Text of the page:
Healing is an art as well as a science. Even the most refined, rational, renowned, data-centered medical professional will admit as much, because the truth is, no one really understands healing. It can be described, yes, (i.e. the immune system mobilizes and kills the invading virus.) But why and how exactly the immune system mobilizes is a complicated mystery. A virus is a virus, but the way it interacts with us is not predictable. Some will get sick as dogs, others will feel mild "flu-like" symptoms, still others will not be at all affected. Sometimes those who "never" get sick (not ever true, but people like to say it) will come down with a much more serious version than those with compromised immune systems. Some sufferers will cough, others will suffer from head congestion, still others will become queasy. Some will have fevers, others won't.

I could go on, but I'm sure you get the picture, that we can apply science to our healing techniques - and I'm glad we do! - but hard science can only describe without fully explaining what takes place when we heal. Science can only take us so far.

Here's my truth: all healing modalities are faith based.

I hear people say things like, "I don't believe in acupuncture." It's an interesting statement. Does it mean the person doesn't believe acupuncture exists? Because it certainly does. It is practiced all around the world, has been practiced in China for 3,000 years. What the statement means (I think) is that the person doesn't believe acupuncture is effective, which again begs the question of how long it has been around, and how widely popular it is. Why would it prevail if it didn't work? What does "work" mean in this context? What does "work" mean in any healing context? Who knows!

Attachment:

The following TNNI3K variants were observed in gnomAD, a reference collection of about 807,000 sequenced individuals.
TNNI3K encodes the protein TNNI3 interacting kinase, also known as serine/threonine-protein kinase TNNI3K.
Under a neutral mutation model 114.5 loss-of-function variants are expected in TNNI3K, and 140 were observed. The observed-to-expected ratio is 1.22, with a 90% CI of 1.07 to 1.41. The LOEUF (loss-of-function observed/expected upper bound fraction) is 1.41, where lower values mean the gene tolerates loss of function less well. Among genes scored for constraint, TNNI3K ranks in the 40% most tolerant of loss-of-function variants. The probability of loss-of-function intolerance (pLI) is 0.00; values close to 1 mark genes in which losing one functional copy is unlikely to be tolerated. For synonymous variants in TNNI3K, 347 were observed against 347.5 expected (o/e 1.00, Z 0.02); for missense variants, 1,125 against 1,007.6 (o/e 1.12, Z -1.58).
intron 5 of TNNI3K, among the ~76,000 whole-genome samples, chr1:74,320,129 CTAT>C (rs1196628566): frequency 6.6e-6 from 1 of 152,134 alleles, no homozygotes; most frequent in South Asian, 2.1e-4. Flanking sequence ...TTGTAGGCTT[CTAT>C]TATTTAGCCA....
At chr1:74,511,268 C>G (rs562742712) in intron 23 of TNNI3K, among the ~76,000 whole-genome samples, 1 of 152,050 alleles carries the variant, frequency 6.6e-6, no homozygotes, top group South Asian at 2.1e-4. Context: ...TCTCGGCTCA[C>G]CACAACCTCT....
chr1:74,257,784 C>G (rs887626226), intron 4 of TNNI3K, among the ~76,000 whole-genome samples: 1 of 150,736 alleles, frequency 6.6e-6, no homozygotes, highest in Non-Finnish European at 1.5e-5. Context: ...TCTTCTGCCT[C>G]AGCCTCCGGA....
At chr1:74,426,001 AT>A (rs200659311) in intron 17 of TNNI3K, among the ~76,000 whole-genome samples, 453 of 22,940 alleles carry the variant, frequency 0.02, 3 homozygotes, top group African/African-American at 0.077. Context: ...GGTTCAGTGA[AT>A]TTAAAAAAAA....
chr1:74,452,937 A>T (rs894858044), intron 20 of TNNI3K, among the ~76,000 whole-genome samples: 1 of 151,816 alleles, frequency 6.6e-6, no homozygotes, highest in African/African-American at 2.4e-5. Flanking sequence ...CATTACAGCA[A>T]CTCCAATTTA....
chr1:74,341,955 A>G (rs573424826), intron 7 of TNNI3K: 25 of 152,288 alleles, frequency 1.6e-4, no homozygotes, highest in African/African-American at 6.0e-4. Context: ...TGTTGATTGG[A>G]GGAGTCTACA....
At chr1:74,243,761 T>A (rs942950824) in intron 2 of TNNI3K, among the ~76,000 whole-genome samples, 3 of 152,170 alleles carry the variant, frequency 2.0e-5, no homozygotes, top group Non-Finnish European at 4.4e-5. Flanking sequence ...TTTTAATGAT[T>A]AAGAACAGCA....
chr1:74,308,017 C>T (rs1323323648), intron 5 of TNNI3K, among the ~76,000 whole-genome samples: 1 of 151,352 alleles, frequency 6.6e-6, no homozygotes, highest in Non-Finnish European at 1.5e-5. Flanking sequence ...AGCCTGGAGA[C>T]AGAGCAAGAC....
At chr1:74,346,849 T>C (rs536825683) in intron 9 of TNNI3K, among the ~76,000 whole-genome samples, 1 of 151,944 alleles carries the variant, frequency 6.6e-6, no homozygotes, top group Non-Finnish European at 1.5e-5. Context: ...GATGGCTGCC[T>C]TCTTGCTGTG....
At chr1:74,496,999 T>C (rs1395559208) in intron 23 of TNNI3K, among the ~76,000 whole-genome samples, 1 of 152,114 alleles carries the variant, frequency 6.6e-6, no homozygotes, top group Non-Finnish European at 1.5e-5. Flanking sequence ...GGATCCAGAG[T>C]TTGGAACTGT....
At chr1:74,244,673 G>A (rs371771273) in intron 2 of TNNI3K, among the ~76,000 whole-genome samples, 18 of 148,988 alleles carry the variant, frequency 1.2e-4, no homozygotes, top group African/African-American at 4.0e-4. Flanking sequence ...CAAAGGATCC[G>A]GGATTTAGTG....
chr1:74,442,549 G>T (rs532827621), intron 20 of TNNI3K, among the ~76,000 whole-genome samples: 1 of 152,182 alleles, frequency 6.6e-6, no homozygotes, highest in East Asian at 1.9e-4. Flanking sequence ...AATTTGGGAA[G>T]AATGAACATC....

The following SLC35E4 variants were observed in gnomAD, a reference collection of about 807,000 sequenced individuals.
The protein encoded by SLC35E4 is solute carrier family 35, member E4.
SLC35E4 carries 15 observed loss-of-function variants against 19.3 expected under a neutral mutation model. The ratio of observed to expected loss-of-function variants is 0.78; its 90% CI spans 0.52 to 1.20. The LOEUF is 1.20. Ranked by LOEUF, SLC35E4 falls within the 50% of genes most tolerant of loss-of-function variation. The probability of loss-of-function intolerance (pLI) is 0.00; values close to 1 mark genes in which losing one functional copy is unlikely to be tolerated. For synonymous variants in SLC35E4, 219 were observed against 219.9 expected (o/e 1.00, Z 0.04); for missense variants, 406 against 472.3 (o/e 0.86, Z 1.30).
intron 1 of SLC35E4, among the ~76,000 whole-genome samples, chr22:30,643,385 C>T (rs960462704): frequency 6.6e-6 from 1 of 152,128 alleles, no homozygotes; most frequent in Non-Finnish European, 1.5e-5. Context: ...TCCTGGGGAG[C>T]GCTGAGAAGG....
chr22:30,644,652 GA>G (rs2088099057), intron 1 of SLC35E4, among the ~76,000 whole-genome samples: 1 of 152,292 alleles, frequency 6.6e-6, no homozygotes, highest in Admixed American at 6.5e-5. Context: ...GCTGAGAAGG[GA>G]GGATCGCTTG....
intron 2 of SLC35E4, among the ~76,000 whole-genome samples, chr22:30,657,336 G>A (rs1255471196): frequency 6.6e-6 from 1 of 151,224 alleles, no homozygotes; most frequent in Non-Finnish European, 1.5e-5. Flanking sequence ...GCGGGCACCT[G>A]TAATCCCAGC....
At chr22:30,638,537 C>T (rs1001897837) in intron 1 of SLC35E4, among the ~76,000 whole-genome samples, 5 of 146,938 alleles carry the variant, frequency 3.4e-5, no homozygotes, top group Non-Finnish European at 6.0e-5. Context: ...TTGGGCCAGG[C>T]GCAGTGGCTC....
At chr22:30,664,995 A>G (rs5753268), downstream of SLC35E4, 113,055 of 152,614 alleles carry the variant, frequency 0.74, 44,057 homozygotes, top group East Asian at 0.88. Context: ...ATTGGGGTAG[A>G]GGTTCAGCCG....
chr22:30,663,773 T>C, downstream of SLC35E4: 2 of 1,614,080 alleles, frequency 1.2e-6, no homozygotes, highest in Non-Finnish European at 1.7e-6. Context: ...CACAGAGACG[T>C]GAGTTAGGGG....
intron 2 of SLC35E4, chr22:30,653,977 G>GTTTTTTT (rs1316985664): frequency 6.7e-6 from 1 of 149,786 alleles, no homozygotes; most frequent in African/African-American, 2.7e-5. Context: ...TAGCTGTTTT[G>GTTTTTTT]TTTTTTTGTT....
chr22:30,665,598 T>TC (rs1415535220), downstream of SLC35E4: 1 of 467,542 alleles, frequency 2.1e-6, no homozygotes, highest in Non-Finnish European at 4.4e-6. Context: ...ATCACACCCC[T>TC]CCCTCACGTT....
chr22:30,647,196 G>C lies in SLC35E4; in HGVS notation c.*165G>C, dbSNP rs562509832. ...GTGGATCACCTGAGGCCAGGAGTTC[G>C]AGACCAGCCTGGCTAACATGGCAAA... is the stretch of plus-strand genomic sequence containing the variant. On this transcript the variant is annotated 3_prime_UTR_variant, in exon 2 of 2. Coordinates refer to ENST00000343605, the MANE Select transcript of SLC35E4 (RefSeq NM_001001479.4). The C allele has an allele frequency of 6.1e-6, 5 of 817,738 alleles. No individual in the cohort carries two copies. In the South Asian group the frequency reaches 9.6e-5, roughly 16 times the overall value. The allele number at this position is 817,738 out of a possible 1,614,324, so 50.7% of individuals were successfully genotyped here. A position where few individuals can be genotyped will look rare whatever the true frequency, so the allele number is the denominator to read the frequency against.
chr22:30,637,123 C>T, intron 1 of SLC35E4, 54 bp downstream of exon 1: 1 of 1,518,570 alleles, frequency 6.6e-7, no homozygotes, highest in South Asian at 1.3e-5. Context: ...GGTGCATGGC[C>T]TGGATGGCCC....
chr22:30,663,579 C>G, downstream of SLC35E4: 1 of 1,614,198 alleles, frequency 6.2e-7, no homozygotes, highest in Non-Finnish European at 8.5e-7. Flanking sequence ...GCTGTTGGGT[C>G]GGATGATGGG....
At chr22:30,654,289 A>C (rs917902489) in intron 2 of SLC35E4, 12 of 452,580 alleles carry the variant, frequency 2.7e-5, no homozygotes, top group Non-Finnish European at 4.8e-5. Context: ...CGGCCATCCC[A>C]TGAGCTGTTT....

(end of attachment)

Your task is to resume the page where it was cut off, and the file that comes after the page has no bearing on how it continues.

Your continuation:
When I question people who make such statements, their answers, no matter what they say, invariably refer to the truth that all healing modalities are faith based and that faith is extraordinarily personal, reflecting so much about the uniqueness of each individual.

I'm going to take this one step further and say that every time we take steps to become healthy, we are, in effect, praying. When we pick up the phone to make an appointment with the health care professional of our choice, do yoga or eat a well balanced meal, get enough sleep, change a bad habit, stand up and stretch, or take our medicine, we are sending a message to the universe, the divine, or however we see the big picture. What we're doing is praying for good health.

Practice the art and prayer of self care, whatever that means to you, please? Who knows if it  will work - but - it can't hurt, right? Self care makes possible a calm, grounded embodiment and enhances self esteem. I believe in self care. I do.